That’s how John McGee passionately describes his Breezy Point neighborhood. McGee’s greatest hope is that other people realize such tight-knit neighborhoods can still exist today, and that others benefit from the investment as he and his neighbors have.
“I just think that our neighborhood - and it’s not to anybody’s credit; it’s to everybody’s credit - has a magic about it,” McGee said in describing the dozen or so neighbors in the Nickel Woods development, behind Eagle View Elementary School.
This weekend - Friday and Saturday, Aug. 23-24 - those neighbors are banding together to have a garage sale at McGee’s home, after which proceeds will be donated to the Lakes Area Restorative Justice Project and leftover items to Common Goods. Money raised also will help fund more neighborhood projects.
McGee is director of the Lakes Area Restorative Justice Project, a nonprofit that provides a forum for Crow Wing County juvenile offenders to meet with the victims harmed in a respectful environment to decide on reparations for those harmed.
In addition to neighborhood get-togethers, summer fish fries and Christmas parties, John and Alice McGee’s property houses a community sauna and woodshed building that teenage boys in the neighborhood helped build. Neighbors pitched in on a community mailbox project, with all mailboxes in a line and sporting a different color and each family’s name and house number in paint.
Neighbors take advantage of snowshoe trails they constructed through the woods. Another family’s home sports a phenomenal basketball court, and yet another offers a winter ice skating rink for the neighbors.
“We really try to think, what else can we do together?” McGee said.
The next project, he said, is to turn a little building by the woodshed at the end of his driveway into a neighborhood lending library. At least two teenage boys are already looking forward to that work.
“We like learning from John,” said Ryan Monahan, a junior at Pequot Lakes High School. “It’s the highlight of our summer, doing jobs around here.”
Katie Wassermann, who lives in Nickel Woods, called the neighborhood special and unique.
“We are not just a neighborhood full of people who truly love each other, but we believe in community spirit and it’s just a special place,” she said.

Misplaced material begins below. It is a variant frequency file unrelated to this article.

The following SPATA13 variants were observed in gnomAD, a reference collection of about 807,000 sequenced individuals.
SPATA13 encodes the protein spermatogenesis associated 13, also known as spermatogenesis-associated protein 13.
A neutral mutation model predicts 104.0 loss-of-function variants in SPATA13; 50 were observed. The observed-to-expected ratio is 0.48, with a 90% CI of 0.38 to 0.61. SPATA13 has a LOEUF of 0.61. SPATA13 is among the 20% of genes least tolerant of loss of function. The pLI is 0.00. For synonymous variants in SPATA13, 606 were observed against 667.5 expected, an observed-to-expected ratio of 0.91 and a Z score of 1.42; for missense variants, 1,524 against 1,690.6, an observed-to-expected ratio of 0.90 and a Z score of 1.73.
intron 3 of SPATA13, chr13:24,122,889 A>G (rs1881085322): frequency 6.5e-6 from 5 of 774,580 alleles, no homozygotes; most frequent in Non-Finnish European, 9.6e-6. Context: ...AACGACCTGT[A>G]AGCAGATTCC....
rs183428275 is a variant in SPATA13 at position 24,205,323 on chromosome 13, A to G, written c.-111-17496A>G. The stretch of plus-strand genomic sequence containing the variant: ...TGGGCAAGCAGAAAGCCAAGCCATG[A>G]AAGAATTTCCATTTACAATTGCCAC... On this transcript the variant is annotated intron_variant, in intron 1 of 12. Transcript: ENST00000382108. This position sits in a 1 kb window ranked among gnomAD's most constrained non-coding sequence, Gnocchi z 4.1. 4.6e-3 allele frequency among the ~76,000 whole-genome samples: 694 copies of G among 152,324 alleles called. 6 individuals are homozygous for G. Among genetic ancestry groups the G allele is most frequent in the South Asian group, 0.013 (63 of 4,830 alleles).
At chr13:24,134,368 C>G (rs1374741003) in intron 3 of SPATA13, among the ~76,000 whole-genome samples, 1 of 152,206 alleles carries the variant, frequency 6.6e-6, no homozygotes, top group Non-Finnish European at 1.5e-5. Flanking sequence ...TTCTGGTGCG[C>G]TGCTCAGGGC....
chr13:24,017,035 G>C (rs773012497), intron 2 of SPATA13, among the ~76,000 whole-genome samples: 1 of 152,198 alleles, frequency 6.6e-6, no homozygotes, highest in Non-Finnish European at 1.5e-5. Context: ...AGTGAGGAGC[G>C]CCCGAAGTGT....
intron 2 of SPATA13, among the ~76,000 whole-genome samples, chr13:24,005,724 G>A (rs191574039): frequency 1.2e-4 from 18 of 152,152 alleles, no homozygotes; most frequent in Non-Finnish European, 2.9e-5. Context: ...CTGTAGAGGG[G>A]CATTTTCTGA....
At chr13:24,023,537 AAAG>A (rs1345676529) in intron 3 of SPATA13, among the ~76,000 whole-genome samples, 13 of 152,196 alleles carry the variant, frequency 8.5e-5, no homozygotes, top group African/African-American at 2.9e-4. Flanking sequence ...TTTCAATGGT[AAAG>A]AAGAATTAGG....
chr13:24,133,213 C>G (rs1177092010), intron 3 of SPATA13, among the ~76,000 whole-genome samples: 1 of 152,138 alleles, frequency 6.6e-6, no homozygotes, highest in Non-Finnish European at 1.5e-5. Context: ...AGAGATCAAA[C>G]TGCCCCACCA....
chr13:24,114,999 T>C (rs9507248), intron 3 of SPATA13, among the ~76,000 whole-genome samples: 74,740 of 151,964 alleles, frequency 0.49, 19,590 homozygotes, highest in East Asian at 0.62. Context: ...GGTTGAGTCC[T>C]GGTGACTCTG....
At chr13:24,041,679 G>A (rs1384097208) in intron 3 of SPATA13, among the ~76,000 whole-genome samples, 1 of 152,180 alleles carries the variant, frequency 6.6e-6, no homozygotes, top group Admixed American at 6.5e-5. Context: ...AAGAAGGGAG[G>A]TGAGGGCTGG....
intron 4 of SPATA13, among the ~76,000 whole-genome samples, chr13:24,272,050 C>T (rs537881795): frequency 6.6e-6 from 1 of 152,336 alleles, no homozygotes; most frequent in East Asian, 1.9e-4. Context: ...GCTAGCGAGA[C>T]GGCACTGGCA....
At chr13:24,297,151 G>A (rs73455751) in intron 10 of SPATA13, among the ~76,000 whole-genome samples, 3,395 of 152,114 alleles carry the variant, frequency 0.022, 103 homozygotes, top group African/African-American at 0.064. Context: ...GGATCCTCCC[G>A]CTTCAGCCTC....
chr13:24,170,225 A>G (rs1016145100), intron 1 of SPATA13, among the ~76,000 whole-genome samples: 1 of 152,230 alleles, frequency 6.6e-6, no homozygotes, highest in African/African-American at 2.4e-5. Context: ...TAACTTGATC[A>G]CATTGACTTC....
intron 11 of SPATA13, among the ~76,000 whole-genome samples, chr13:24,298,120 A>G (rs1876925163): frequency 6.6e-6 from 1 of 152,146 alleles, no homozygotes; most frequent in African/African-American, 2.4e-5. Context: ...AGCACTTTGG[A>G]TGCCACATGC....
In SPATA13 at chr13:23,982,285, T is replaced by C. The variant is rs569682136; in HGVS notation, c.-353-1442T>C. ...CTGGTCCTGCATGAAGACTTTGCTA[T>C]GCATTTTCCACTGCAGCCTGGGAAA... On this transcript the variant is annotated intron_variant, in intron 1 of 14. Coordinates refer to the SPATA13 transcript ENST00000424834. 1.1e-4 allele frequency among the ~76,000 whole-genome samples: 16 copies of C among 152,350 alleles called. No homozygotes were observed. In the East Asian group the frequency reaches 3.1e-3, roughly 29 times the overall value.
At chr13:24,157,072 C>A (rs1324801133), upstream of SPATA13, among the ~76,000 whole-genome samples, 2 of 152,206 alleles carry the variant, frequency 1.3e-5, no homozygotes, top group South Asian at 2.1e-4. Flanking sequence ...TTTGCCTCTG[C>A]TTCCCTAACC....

The Nickel family settled in the area years ago, and McGee said the family is well respected, including Jim Nickel who still lives in the area.
“I think we’ve kind of picked up where they left off,” McGee said of his neighborhood. “There’s something in the old buildings or in the soil that set the stage for a neighborhood that’s so unbelievably caring. ... We found a balance.”
“Nickel homes” were built along the road - each 26 feet by 26 feet - and McGee said a Nickel home is “buried” in their current house after he and Alice renovated by adding on and up.
“Two or three of the folks in the neighborhood lived in our Nickel house while their house was being built,” McGee said, noting that was before he and Alice lived here year-round and before they renovated their home.
He shared a recent “magical” happening.
“I was weeding the bean patch this spring, and right there in front of me is this little ring. I thought, ‘That’s not a piece of junk.’ Alice scrubbed it up with toothpaste, and it was a mother’s ring back to a generation older than us," he said, noting he believes it’s Jim Nickel’s mother’s ring.
The Nickel Woods neighborhood has a “mayor” - Bob Springer, who with his wife, Eileen, has been a major influence in the neighborhood. His neighbors paid it forward by funding a ramp for his home.
“We were happy to do that for the mayor,” McGee said.
Another event McGree and the teenage boys happily recall is a winter day when power went out in the neighborhood. His house is the only one with wood heat, so everyone showed up at the McGee home with food and drinks and had a great time.
McGee hopes people find the Nickel Woods garage sale this weekend, not only to buy items for good causes, but to see how his special neighborhood works together. You can bet they were all gathered Thursday night for a social time while preparing for the sale.
“I would love to see more neighborhoods see what we’re doing and maybe replicate parts of it,” McGee said.